A Journey with Love and Laughter

Read about our family as we journey through life as a family, with siblings, school and spina bifida, and lots of fun and laughter along the way!

Saturday, February 20, 2016

Our MRI exprience letter

So I am a letter writer.
After our experience with the MRI, it kept gnawing at me and so I thought I would write a letter. Not to get anyone in any trouble, but just to raise awareness of our experience to potentially make some changes for next time.
Writing it made me feel better. I'm not sure if I'll actually send it or not.

To whom it may concern,
I wanted to write to you in regards to my sons experience with a recent MRI.
My son was born with spina bifida and hydrocephalus and we have had a lot of positive experiences with Sick Kids. He has had a number of sedated MRIs over the last 6 years, but I felt that this year he was ready to try his spine and brain MRI without any anesthetic.

When we got the phone call with the information for the MRI I explained that this was our first attempt at an awake MRI and if there were any resources. I was told that there wasn’t really any way to prepare, but I could look up youtube videos. It surprised me that there wasn’t anything specific to Sick Kids, as we found the Sick Kids surgery video very helpful.
To prepare my son we watched a couple of different youtube videos, but he really wanted to know what it was going to be like at his hospital. The night before his MRI we found the MRE Tour at SickKids on youtube, which talked about the MRI and it helped to settle some of his fears.

We arrived early and settled in for an expected long wait, as we were booked towards the end of the day. I was surprised, and had forgotten, that your 2 bathrooms in the MRI department are not easily accessible (by button) for wheelchair access. So my son needed help getting in and out of the bathroom.

But the purpose of this letter is to explain our experience with the MRI and how I learned a couple of hard lessons to properly advocate for my son. When we got to the MRI room and we were getting my son settled he was very nervous, but had his brave face on. They gave him the movie eye glasses, but the ear muffs wouldn’t fit in the head cage. So they gave him foam ear plugs instead. Then they told me I could sit in the rocking chair, about 10 ft away from the machine and gave me earmuffs. I had thought I had to sit so far away because of something to do with the test.

I took the direction of the MRI tech, as I haven’t been in an MRI with my son before (but I had one when I was pregnant). I sat and read an old magazine for about 45 minutes. Towards the end I could hear a noise, which I thought was the machine. Eventually they stopped the MRI and pulled him out when they were having difficulty with a picture. That is when I realized that the noise I had been hearing was my son sobbing.
After we calmed him, and removed some of the blankets around him, he was willing to try again. This time I was told I could stand with him and touch him and try to keep him calm. Unfortunately after about 15 minutes he wasn’t able to keep still for the final series of pictures. They offered us another machine where the earmuffs would fit in the head cage, and we went back to the waiting room.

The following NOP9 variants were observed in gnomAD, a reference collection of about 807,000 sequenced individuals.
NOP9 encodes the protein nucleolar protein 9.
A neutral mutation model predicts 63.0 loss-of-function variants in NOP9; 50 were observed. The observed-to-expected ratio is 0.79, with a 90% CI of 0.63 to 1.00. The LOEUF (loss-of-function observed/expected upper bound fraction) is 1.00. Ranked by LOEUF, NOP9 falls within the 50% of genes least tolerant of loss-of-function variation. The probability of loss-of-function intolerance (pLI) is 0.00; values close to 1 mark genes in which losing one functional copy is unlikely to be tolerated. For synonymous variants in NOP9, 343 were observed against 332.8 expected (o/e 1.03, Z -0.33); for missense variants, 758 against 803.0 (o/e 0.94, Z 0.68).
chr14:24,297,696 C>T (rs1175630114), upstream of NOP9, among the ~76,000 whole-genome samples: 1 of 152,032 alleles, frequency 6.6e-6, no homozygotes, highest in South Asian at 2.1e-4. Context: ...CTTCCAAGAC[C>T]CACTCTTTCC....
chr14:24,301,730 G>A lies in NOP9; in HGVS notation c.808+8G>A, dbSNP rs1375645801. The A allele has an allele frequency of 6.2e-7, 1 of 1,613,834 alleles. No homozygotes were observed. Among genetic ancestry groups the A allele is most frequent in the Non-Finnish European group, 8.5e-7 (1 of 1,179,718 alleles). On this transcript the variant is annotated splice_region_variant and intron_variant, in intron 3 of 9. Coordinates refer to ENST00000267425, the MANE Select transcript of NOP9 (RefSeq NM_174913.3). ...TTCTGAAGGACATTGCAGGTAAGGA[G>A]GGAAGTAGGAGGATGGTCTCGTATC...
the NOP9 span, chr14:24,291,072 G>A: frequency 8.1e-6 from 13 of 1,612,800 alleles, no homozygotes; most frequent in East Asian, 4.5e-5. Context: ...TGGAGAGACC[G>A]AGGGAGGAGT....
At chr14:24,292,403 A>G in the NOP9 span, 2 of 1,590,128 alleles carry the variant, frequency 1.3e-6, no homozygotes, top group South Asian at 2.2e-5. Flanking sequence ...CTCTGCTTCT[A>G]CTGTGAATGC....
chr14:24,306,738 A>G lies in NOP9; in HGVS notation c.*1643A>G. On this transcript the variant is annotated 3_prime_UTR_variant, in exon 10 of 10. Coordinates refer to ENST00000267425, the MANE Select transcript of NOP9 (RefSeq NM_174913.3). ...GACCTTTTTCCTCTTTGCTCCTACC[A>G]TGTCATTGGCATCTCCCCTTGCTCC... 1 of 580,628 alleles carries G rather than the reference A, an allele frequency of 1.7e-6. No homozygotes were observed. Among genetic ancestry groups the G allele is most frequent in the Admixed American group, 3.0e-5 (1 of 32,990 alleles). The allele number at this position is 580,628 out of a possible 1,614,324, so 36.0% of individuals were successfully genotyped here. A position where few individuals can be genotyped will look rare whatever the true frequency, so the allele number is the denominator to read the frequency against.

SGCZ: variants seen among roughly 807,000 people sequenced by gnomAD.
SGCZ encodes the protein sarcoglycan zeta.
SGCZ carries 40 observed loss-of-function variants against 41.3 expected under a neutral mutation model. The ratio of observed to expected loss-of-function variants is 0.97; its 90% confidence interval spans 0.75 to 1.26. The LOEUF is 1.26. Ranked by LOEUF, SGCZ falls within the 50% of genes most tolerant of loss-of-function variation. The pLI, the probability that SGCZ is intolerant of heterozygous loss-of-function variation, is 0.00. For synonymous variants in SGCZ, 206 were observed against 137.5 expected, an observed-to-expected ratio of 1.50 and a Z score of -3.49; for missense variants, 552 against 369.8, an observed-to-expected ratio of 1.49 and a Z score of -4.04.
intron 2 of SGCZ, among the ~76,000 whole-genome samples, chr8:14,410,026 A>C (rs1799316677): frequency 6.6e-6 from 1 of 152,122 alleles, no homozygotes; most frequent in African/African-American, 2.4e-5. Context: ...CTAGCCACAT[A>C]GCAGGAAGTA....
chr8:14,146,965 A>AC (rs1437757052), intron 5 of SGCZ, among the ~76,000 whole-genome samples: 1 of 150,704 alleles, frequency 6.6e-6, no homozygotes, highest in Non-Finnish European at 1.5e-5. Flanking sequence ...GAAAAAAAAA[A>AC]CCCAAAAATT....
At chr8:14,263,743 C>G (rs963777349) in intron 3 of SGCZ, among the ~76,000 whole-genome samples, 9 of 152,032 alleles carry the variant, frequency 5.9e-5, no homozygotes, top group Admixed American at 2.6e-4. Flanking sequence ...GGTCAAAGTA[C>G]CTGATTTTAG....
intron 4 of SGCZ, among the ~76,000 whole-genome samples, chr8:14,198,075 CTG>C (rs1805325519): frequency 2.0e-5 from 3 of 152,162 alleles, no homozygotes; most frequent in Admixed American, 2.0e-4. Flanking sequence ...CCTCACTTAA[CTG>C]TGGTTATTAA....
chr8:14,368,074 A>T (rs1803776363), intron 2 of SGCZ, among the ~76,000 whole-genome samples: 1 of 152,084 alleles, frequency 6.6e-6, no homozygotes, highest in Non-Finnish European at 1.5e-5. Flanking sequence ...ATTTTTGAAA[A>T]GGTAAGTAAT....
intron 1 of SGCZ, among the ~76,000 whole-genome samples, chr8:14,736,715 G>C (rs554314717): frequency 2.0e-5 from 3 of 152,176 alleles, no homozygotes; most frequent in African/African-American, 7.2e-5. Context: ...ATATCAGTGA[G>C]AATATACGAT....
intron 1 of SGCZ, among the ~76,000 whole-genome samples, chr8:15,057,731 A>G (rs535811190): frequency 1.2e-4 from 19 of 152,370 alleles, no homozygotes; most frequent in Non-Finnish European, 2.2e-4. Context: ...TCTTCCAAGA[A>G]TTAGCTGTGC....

When we got to the next machine, the foam ear plugs and ear muffs with the movie playing in them were given to him, with the eye goggles. I was again asked and able to stand with him and be with him through the next 15 minutes as they got the last set of pictures they needed without difficulty. No tears.
When it was all done he said that the last test didn’t make his head hurt, and he enjoyed and was distracted by the movie.

I wanted the opportunity to share our experience. As a parent in a new environment I took the direction of the MRI techs to determine what I should and should not do, and what to expect. It was incredibly heartbreaking to know that I had been so close to my son who needed me and I didn’t even know. As they felt that foam ear plugs were enough sound blockage for a 6 year old with shunted hydrocephalus, I didn’t question it as I should have. If the MRI tech directed me to a chair in the room instead of allowing me to touch and reassure my child, I didn’t question it, as I should have. I took the direction of the healthcare professionals who do this every day.
I really feel that Sick Kids is an incredible hospital, but this particular experience did not meet our expectations.

Thank you for allowing me the opportunity to share our experience.
Amanda Ridding, and my son Nickolas

*Update* I was contacted by Family Relations at Sick Kids who thanked me for the feedback and recognized that it was a difficult experience for us. The message discussed the importance of family centred care at Sick Kids and that the feedback will be forwarded to the MRI manager.

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